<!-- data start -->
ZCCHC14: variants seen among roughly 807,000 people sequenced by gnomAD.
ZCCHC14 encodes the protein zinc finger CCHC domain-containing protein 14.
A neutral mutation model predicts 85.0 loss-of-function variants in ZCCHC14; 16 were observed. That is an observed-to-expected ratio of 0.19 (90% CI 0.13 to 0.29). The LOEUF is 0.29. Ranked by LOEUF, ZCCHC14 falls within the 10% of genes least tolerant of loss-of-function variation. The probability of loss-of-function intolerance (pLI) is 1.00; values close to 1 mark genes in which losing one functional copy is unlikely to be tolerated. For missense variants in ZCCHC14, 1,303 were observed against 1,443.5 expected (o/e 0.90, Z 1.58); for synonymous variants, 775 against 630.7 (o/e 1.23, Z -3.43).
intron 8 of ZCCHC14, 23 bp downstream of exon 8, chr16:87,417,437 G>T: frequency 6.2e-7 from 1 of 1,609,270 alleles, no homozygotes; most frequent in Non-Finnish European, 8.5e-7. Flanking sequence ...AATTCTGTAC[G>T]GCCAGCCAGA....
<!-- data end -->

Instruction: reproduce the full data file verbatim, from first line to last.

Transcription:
ZCCHC14: variants seen among roughly 807,000 people sequenced by gnomAD.
ZCCHC14 encodes the protein zinc finger CCHC domain-containing protein 14.
A neutral mutation model predicts 85.0 loss-of-function variants in ZCCHC14; 16 were observed. That is an observed-to-expected ratio of 0.19 (90% CI 0.13 to 0.29). The LOEUF is 0.29. Ranked by LOEUF, ZCCHC14 falls within the 10% of genes least tolerant of loss-of-function variation. The probability of loss-of-function intolerance (pLI) is 1.00; values close to 1 mark genes in which losing one functional copy is unlikely to be tolerated. For missense variants in ZCCHC14, 1,303 were observed against 1,443.5 expected (o/e 0.90, Z 1.58); for synonymous variants, 775 against 630.7 (o/e 1.23, Z -3.43).
intron 8 of ZCCHC14, 23 bp downstream of exon 8, chr16:87,417,437 G>T: frequency 6.2e-7 from 1 of 1,609,270 alleles, no homozygotes; most frequent in Non-Finnish European, 8.5e-7. Flanking sequence ...AATTCTGTAC[G>T]GCCAGCCAGA....